A vacuum sealer (such as a Food Saver) works great for short term storage but they do loose their seal and leak over time. Also, they are clear or opaque and let in light. Light is one of the enemies of long term food storage. Vacuum sealer bags are also easily punctured. That being said, I use my vacuum sealer on bulk foods items that I plan to use within a year or two.

      I hope this explanation is helpful. Good luck as you start this new adventure!

  12. How well do crackers do with long term storage ? What is the best way to store them ? I have been using my vacuum sealer for a long time and sealing my dehydrated veggies, etc. in glass jars & I love it. I store them in a cold dark room. I am just doing some research on using mylar bags and your info has been very helpful. I have some bags & oxygen absorbers & found out the hard way that they get hard after you open the bag. Should I put absorbers in my jars of dehydrated meat ? Thank you for answering my questions.

  13. Thank you so much for this article! You’ve made emergency planning an easy process for our family. And, it’s so much cheaper than those pre-packaged emergency food kits! Many more servings with DIY. We appreciate you giving back to the community through education!

  14. ARGHHH I’m new to this – did a bunch of research and actually did EXACTLY what you described with the mylar bags/oxy absorbers and straightening iron. I did buy the big giant bags and quickly realized I needed smaller so cut them in half and created a new seal on the open end (like the food saver seal a meal does when you pull the roll out). I packaged up 100lbs of flour, rice, beans, sugar, salt… over half of the bags aren’t airtight and none of them are brick like :(. When I squeeze them air escapes. I’m wondering if I made the flat iron too hot? the seals are very wide and I thought I was thorough… grrr!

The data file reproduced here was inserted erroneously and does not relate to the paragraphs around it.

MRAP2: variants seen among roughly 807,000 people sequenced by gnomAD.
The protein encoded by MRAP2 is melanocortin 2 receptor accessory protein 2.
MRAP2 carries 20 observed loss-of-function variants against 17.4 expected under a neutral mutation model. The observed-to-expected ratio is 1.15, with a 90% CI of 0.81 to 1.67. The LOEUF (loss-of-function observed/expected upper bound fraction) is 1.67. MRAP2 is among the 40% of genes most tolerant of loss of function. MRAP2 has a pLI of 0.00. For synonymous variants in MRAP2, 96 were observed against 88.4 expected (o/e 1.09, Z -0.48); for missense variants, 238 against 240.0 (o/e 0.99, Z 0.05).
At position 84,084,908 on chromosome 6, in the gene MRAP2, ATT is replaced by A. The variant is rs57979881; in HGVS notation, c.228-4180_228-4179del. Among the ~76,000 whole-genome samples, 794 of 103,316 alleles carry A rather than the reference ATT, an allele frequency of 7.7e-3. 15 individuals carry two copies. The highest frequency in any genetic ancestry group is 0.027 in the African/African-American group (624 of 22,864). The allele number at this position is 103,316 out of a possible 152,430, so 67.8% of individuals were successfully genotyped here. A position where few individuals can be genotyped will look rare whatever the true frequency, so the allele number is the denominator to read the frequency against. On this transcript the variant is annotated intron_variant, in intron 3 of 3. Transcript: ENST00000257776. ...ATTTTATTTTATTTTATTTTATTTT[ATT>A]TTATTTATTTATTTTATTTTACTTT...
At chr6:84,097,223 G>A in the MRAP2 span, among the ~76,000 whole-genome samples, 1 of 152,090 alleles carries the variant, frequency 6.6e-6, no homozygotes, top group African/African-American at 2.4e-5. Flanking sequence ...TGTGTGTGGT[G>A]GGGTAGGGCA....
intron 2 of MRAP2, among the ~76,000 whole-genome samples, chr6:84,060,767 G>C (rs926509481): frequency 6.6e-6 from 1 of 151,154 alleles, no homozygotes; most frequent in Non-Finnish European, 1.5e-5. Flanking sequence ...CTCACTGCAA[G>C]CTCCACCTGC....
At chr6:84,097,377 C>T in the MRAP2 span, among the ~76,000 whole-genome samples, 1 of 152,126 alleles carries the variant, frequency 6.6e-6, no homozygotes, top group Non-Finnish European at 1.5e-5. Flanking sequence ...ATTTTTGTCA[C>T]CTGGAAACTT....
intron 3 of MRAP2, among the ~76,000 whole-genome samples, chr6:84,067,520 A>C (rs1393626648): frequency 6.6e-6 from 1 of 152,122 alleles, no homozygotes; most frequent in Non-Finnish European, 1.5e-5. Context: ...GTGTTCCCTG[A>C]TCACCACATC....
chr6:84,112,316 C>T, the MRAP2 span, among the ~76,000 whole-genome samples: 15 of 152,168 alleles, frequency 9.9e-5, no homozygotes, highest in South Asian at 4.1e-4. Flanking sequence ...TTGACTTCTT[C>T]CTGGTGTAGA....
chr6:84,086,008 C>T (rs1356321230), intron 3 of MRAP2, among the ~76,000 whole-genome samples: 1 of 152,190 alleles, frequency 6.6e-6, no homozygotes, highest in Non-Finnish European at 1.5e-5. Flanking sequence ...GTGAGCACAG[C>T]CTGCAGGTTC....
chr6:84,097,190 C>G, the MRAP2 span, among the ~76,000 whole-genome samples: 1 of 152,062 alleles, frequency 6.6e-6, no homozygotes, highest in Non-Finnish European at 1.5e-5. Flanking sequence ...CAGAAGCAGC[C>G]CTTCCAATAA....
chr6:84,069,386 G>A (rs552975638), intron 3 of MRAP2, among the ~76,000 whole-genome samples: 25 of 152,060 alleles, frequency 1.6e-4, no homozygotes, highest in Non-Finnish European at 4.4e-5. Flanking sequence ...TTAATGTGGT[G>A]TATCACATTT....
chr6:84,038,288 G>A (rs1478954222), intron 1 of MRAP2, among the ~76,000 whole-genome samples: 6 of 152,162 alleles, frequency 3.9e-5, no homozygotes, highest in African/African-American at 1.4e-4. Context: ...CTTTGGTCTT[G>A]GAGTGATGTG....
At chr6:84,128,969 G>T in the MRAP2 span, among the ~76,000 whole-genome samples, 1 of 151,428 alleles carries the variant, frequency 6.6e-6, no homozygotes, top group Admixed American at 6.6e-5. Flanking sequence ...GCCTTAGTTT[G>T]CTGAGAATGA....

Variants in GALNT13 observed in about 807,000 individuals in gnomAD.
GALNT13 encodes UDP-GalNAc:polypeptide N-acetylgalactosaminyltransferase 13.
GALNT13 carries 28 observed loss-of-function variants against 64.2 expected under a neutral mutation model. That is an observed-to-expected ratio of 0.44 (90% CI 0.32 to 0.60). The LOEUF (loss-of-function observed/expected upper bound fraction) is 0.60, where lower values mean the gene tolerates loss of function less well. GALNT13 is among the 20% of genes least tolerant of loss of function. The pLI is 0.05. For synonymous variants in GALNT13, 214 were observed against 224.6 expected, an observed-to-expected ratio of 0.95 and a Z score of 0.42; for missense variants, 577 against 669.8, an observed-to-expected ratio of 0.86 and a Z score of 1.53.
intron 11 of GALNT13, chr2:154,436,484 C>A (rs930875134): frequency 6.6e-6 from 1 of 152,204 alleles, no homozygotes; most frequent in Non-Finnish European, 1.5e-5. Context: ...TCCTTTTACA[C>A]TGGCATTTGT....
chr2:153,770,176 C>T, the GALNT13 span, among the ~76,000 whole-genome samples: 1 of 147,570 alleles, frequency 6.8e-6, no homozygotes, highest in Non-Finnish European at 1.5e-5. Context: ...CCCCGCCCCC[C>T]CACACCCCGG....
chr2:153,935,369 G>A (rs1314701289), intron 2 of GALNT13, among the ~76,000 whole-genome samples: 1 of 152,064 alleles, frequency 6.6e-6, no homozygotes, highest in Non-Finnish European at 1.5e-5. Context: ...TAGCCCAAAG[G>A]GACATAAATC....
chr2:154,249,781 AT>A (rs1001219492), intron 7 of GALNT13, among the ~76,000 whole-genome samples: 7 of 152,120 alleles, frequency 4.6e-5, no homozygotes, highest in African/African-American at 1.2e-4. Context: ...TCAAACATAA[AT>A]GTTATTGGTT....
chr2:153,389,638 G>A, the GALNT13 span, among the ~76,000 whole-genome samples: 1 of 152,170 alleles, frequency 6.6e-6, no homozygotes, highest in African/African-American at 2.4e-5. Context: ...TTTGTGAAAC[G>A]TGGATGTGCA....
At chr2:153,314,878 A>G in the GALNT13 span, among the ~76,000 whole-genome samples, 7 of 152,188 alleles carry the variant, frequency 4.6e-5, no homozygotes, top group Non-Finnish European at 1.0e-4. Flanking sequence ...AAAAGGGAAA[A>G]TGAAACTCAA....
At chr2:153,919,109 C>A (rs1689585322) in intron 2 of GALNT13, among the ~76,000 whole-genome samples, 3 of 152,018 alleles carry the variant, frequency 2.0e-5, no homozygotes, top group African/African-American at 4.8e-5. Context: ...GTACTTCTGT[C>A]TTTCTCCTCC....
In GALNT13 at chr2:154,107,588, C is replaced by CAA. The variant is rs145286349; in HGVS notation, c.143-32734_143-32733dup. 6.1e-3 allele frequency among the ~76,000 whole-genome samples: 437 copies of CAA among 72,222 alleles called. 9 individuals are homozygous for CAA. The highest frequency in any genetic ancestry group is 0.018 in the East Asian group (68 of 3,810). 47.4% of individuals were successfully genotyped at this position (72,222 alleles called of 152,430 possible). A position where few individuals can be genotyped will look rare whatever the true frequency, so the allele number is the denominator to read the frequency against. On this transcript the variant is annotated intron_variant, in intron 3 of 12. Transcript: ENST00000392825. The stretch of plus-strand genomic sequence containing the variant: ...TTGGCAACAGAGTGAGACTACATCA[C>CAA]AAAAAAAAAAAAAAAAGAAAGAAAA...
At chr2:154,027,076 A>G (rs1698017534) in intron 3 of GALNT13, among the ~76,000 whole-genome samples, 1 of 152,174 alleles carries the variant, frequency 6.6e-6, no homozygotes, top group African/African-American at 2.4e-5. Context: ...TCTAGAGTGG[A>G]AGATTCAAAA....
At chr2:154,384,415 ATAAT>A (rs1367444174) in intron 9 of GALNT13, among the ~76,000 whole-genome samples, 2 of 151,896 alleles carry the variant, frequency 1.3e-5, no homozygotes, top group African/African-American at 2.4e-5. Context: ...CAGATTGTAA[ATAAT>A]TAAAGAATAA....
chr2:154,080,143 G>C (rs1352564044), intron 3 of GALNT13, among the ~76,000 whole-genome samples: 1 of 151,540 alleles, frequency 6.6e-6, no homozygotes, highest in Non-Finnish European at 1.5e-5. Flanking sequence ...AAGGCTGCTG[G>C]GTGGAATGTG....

I’ll try again but am wondering if anybody has any thoughts on what I could have done wrong???

    p.s. love your stuff!

  15. I bought the bags from PackFresh USA, and their instructions indicated 1×100 cc OA per quart bag. I followed the intstructions, sealed it very close to the product in the bag to reduce air space, but it never “bricked”. Do I need to re-do them with 2 OAs?

    • Melissa,

      You don’t need to do anything else if you put in the recommended amount of O2 absorbers. Air is more than just oxygen. It’s mostly nitrogen which the absorbers won’t absorb. Nitrogen won’t harm your food. So long as your seal is good the O2 absorbers will absorb all the oxygen in the bag and your food will be safe for long term storage.

  16. I just made some beef jerky, and put it in small mylar bags with zip closures. Two questions, do I really have to heat seal the bags, and is two 100cc O2 absorbers enough for each bag??

  17. Are the bags in your article really 3.5mm thick or is this a typo?

    Do you have any experience with integrated seal small mylar bags and their effectiveness without the hot iron seal. (Just thinking I can reuse more of the bag by unzipping rather than cutting but could be false economy)?


  18. I am wondering about fresh meat that you intend to freeze. Can you pack meat in a mylar bag with an oxygen absorber then freeze it rather than using a vacuum sealer. I understand that if you lose electricity to your freezer that the meat will be lost.

  19. Could you please advise me how to best store a few oz of organ meats? I also would like to know how to cut the meat ( beef heart or beef liver) in small chunks? Do I do it before or after dry freeze? And very small pieces as training treats for my pups? How or with what to cut?